Screenshot from Cronycle.com

You can also add a domain, such as www.mashable.com, which will bring in everything published to that site, and you can remove certain keywords, hashtags or usernames from your results if you wish by clicking the 'exclude' tab.

To narrow your search results, you can choose to display information tweeted that day, the day before, within the last week, or within a custom date range.

You can also customise how you want your content to show within the collection – in preview format, or as headlines or images only.

Last but not least, you can choose whether to make your collection private or public. Private collections can still be shared with colleagues and associates via the link under the 'sharing' tab.

Public collections will be published to Cronycle and are viewable by other users, which might be a good way for journalists to build a following and demonstrate their knowledge and expertise in a particular area.

You can click the magnifying glass icon at the top of the screen to search for a particular topic or article within your collections.

Viewing public 'collections'

To view public collections, click the 'discover' button in the top right of the screen. Although there is no way at present to search these, a function being introduced on 23 May will allow users to view collections by category or 'most popular'.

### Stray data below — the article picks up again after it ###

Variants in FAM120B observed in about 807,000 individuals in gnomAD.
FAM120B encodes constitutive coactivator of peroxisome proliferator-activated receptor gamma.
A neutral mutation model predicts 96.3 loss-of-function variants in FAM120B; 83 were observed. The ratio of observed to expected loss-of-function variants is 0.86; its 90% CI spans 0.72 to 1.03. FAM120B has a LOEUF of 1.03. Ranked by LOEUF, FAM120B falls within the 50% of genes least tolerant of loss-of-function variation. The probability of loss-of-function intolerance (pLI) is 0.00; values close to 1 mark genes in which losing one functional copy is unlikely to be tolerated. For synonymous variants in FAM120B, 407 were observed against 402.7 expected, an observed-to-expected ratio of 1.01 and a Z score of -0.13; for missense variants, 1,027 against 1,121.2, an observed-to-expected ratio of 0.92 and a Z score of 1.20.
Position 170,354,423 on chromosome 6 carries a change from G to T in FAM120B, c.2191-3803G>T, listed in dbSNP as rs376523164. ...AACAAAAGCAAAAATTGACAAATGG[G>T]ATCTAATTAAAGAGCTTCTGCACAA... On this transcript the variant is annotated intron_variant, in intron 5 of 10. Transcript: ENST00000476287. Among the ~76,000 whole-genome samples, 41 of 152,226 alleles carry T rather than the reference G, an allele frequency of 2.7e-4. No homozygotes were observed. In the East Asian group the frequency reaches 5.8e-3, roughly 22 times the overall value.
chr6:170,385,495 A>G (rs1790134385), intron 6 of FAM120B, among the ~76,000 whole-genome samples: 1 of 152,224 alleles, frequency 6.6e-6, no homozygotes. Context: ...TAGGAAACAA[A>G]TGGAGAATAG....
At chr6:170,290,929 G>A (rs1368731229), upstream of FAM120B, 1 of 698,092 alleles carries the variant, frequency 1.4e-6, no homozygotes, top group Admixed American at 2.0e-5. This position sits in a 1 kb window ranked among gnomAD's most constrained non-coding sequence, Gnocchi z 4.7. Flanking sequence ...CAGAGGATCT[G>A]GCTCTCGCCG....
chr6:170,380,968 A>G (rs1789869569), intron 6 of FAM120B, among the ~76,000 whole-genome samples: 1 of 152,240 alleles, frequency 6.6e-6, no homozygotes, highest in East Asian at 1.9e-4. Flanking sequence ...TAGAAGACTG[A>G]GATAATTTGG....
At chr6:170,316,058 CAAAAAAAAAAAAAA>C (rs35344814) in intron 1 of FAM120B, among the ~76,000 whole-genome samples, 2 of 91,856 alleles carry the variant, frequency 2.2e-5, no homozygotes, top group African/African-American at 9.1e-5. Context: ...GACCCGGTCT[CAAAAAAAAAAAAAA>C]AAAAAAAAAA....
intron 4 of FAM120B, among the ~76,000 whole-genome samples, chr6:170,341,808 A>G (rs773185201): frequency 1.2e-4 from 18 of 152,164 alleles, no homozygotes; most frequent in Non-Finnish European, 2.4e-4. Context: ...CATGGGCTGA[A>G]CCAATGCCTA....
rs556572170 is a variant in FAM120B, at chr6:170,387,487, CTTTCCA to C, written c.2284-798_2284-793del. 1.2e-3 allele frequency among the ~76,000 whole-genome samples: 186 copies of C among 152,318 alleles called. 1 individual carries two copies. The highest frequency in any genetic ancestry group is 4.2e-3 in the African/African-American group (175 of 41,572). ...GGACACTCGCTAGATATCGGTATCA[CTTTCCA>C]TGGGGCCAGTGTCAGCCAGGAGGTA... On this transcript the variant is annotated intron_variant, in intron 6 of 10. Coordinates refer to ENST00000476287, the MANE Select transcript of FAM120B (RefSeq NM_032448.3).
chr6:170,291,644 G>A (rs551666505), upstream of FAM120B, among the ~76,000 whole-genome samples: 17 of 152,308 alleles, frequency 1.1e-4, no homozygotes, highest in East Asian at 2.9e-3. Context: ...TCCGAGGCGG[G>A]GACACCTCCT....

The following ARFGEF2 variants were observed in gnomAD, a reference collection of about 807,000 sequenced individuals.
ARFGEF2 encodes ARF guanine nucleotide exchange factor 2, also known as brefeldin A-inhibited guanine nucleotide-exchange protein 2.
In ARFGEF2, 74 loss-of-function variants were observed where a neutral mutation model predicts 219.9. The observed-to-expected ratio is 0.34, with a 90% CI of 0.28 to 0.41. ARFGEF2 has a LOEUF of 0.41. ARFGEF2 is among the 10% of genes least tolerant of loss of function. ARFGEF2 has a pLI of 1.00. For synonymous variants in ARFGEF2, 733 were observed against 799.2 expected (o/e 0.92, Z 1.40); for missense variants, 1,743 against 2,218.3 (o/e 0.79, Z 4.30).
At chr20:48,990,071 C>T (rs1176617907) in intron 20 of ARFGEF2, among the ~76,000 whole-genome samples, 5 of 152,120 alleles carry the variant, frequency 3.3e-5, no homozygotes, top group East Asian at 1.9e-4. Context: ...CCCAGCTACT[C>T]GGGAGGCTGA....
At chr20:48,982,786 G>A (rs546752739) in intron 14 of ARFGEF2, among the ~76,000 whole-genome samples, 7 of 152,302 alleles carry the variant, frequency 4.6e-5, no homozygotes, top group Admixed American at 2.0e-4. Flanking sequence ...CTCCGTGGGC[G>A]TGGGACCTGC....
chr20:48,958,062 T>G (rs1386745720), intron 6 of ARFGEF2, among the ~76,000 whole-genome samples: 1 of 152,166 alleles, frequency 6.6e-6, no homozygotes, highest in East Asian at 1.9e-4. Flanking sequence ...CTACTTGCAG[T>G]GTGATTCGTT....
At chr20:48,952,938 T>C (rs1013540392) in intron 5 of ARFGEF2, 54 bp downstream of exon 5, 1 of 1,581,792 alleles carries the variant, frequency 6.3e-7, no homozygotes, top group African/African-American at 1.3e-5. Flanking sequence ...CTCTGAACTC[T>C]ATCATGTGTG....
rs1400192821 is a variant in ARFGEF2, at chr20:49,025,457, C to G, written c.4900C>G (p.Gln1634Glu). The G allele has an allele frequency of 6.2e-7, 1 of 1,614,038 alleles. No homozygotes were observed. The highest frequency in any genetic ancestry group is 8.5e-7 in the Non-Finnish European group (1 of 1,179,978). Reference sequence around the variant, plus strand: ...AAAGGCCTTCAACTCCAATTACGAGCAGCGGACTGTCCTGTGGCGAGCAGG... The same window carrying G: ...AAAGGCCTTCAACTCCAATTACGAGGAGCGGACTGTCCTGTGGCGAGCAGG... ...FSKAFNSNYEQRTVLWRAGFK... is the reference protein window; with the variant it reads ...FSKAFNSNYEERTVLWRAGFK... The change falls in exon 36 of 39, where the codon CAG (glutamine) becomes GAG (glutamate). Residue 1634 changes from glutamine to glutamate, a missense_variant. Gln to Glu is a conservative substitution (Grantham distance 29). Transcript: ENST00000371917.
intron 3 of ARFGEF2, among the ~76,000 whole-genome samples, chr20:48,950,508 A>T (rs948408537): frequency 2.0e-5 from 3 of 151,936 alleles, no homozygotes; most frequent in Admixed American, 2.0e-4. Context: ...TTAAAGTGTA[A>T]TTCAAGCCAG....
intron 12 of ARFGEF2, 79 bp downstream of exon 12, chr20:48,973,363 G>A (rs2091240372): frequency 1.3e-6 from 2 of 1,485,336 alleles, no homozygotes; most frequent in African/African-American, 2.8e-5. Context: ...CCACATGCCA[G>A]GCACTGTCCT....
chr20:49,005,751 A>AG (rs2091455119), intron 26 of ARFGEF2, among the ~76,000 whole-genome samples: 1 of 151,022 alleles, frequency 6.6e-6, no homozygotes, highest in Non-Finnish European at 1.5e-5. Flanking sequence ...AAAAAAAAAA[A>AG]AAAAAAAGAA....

You save public collections to your own dashboard by clicking the 'save' icon in the top right of the screen.

To return to your dashboard, click the 'my Cronycle' button in the top right corner. You can edit or remove the collections in your Cronycle by clicking the icon with three bars in the top right corner of the column.

You can also switch from column view to grid view by clicking the 'four squares' icon at the top of the screen, which shows each collection without content previews, which is useful if you have a lot of collections set up.

Here you can also re-order your collections using drag-and-drop, edit cover images or delete them from your Cronycle.

With plans to develop the platform with LinkedIn integration this autumn, shortly followed by integration with YouTube and Facebook, there is going to be additional potential for curating content on the platform soon.

Cronycle is currently a subscription-only platform, costing £2.99 a month, compared to similar content curation platforms such as Spundge, which offers a free version with the ability to pay to access additional features, and Trove which is entirely free.

However, Cronycle is launching a free account option on 23 May allowing users to curate RSS feeds and public collections.
  • Cronycle are offering free accounts to the first 50 Journalism.co.uk readers to get in touch with them. To claim your free account, send an email to invite@cronycle.com with the subject line Journalism.co.uk.
Update: This article was updated to include an offer of free Cronycle accounts to Journalism.co.uk readers.